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Sav blanc & semillion

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Fermenting white grapes with their skins and seeds has become a fringe activity in some quarters in the winemaking business, and often the result is a hazy, brown/amber coloured concoction which has no freshness, charm or distinctive flavour and aroma. Trying to make sauvignon blanc which doesn’t taste like regulation supermarket Marlborough is a worthy ideal, but the wine has to taste good!

Enter Bannockburn, stage left. Its highly individualistic winemaker Michael Glover is not one to waste his days churning out look-alike, mass-market booze. His 2013 Geelong sauvignon blanc (tasting) is like no sauvignon blanc you’ve ever tasted. One-third of the grapes were wild-fermented on skins, in 25% new French oak and Italian acacia puncheons, and left on lees for 10 months. And 6% riesling was blended in.

This is different! While it’s been partly made by ‘orange’ winemaking techniques, you wouldn’t notice: it doesn’t wear its ‘orange-ness’ on its sleeve. It’s a beautiful drink. It’s very complex, avoids the shrill varietal pungency of mainstream savvies, and it’s technically excellent. Full marks, Mr Glover!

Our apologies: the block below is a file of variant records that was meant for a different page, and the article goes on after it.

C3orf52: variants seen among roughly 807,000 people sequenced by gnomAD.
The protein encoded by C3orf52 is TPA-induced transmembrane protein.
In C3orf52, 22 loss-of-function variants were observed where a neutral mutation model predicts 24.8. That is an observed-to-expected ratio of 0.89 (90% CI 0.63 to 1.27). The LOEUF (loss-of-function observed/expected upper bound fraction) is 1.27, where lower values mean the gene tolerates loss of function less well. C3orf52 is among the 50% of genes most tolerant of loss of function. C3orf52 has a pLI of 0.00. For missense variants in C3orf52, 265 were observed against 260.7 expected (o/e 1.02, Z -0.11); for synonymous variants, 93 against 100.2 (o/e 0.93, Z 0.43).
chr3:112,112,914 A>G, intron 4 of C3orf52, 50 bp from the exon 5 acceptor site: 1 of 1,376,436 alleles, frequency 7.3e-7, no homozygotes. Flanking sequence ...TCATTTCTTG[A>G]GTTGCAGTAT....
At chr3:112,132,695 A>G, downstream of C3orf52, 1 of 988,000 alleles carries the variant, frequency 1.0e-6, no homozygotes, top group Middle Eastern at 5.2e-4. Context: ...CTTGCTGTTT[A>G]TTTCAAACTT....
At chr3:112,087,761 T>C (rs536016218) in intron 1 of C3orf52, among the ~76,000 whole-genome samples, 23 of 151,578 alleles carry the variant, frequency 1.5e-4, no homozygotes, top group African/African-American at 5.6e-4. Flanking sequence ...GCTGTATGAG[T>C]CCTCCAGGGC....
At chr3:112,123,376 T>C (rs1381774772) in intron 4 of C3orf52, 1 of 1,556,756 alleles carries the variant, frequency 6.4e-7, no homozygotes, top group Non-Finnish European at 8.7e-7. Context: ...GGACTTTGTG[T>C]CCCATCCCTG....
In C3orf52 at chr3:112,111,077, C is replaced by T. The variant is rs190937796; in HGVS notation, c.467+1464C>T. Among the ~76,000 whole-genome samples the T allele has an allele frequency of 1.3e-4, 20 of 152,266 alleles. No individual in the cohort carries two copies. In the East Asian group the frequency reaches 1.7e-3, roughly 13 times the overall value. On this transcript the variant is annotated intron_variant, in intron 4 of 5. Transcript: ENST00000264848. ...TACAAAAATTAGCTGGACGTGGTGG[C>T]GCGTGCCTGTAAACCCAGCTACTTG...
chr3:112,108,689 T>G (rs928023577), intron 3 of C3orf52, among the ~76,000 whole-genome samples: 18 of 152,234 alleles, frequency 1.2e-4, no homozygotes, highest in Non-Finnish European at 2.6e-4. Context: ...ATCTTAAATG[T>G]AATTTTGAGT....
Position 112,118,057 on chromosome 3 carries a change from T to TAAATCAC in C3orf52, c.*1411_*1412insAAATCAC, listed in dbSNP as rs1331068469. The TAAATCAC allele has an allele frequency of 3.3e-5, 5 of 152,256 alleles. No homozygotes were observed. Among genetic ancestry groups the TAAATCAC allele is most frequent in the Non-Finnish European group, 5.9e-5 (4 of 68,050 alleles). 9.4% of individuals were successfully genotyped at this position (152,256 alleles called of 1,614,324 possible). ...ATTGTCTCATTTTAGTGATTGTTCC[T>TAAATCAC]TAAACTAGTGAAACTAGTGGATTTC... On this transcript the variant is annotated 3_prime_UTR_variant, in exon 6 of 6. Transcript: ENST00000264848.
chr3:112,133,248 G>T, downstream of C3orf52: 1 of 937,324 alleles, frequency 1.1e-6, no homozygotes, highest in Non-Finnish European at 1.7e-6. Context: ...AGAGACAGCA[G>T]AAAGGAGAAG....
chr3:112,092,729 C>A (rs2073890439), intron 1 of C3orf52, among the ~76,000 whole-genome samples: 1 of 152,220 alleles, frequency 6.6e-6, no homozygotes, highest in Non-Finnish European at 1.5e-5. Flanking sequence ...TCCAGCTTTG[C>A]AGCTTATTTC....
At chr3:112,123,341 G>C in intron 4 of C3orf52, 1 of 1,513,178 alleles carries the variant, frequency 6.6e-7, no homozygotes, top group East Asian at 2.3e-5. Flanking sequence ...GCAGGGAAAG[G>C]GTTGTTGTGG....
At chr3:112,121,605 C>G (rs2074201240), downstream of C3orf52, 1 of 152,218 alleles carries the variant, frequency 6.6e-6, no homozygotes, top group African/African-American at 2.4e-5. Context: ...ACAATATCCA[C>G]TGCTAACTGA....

More than half of the 100 semillons, sauvignon blancs and sem-sav blends I’ve posted this month are sauvignon blancs, and the perceptive will notice my tastes lean towards wines which are more than just strident varietal fruit – although this style can be good when done well. I especially like subtly barrel-fermented styles. Ten Minutes by Tractor is one (tasting), also Larry Cherubino’s two wines, Cherubino (tasting) and The Yard (tasting); also Greywacke (tasting), Pegasus Bay (tasting) and Dog Point Section 94 (tasting), the latter a bit oakier and more heavily worked.

In a more pure-fruit (but not simplistic) style I liked Howard Park (tasting) and Moorilla Muse Series (tasting). Artemis (tasting) from the NSW Southern Highlands is a very delicate, refined and restrained style that is delicious drinking. In the sem-sav blends, Hay Shed Hill Block 1 (tasting), Grosset (tasting) and Coates (tasting) are very good.

As for the Hunter semillons, 2014 is a rip-snorter of a year, and Andrew Thomas’s Braemore (tasting) could be his best yet, while Gundog Estate Poacher’s (tasting) is also a beauty. 

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